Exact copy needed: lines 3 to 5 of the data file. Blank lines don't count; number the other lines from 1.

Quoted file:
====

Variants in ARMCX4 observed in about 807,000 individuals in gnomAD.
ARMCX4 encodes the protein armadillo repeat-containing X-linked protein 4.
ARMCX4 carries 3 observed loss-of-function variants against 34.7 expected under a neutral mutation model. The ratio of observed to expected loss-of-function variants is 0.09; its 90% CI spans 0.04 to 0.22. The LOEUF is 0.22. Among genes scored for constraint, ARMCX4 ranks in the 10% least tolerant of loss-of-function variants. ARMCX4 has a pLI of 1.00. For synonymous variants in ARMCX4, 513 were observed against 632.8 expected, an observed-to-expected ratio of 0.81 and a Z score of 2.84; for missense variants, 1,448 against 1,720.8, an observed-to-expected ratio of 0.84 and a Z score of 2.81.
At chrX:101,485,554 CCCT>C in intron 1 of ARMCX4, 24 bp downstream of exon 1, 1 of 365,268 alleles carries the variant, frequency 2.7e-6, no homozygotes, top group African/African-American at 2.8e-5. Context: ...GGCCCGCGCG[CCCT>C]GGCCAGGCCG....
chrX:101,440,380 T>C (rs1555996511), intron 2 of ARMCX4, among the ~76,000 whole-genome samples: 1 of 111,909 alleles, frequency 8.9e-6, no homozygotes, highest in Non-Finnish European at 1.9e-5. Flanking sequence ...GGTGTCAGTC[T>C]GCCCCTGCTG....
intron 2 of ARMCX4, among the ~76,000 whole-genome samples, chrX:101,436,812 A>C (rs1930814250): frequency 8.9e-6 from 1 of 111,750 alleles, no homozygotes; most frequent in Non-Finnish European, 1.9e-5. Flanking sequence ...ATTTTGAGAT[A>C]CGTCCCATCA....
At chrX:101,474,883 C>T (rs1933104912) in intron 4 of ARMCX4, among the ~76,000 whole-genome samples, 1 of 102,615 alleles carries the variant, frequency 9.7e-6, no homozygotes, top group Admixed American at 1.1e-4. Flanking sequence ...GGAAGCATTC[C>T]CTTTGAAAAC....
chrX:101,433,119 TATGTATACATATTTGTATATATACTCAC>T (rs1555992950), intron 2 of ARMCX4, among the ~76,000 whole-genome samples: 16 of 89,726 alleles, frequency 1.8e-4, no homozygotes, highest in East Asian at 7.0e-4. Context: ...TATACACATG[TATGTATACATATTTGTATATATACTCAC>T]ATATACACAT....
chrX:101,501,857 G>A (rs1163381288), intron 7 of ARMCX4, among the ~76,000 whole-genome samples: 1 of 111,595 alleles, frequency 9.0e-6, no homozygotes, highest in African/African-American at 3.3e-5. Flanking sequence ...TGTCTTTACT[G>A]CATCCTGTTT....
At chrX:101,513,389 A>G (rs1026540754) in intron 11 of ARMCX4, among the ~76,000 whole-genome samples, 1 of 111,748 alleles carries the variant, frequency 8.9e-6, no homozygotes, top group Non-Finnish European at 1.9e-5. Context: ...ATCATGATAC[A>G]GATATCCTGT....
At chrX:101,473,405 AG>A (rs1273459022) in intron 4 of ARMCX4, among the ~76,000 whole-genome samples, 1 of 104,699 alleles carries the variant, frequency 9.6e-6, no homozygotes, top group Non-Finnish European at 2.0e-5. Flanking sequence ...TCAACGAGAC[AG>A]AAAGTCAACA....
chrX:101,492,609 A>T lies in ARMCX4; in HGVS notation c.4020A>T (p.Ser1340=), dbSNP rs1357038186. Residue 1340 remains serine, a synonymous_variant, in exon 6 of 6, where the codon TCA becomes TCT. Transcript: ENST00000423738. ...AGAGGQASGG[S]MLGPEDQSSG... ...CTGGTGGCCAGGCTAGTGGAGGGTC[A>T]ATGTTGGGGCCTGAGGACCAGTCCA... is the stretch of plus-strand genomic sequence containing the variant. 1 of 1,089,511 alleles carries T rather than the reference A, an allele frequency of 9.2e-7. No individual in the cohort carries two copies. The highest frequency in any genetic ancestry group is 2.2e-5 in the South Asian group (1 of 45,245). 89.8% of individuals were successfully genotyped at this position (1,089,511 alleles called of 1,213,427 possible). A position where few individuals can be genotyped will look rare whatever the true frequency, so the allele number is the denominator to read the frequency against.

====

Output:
ARMCX4 carries 3 observed loss-of-function variants against 34.7 expected under a neutral mutation model. The ratio of observed to expected loss-of-function variants is 0.09; its 90% CI spans 0.04 to 0.22. The LOEUF is 0.22. Among genes scored for constraint, ARMCX4 ranks in the 10% least tolerant of loss-of-function variants. ARMCX4 has a pLI of 1.00. For synonymous variants in ARMCX4, 513 were observed against 632.8 expected, an observed-to-expected ratio of 0.81 and a Z score of 2.84; for missense variants, 1,448 against 1,720.8, an observed-to-expected ratio of 0.84 and a Z score of 2.81.
At chrX:101,485,554 CCCT>C in intron 1 of ARMCX4, 24 bp downstream of exon 1, 1 of 365,268 alleles carries the variant, frequency 2.7e-6, no homozygotes, top group African/African-American at 2.8e-5. Context: ...GGCCCGCGCG[CCCT>C]GGCCAGGCCG....
chrX:101,440,380 T>C (rs1555996511), intron 2 of ARMCX4, among the ~76,000 whole-genome samples: 1 of 111,909 alleles, frequency 8.9e-6, no homozygotes, highest in Non-Finnish European at 1.9e-5. Flanking sequence ...GGTGTCAGTC[T>C]GCCCCTGCTG....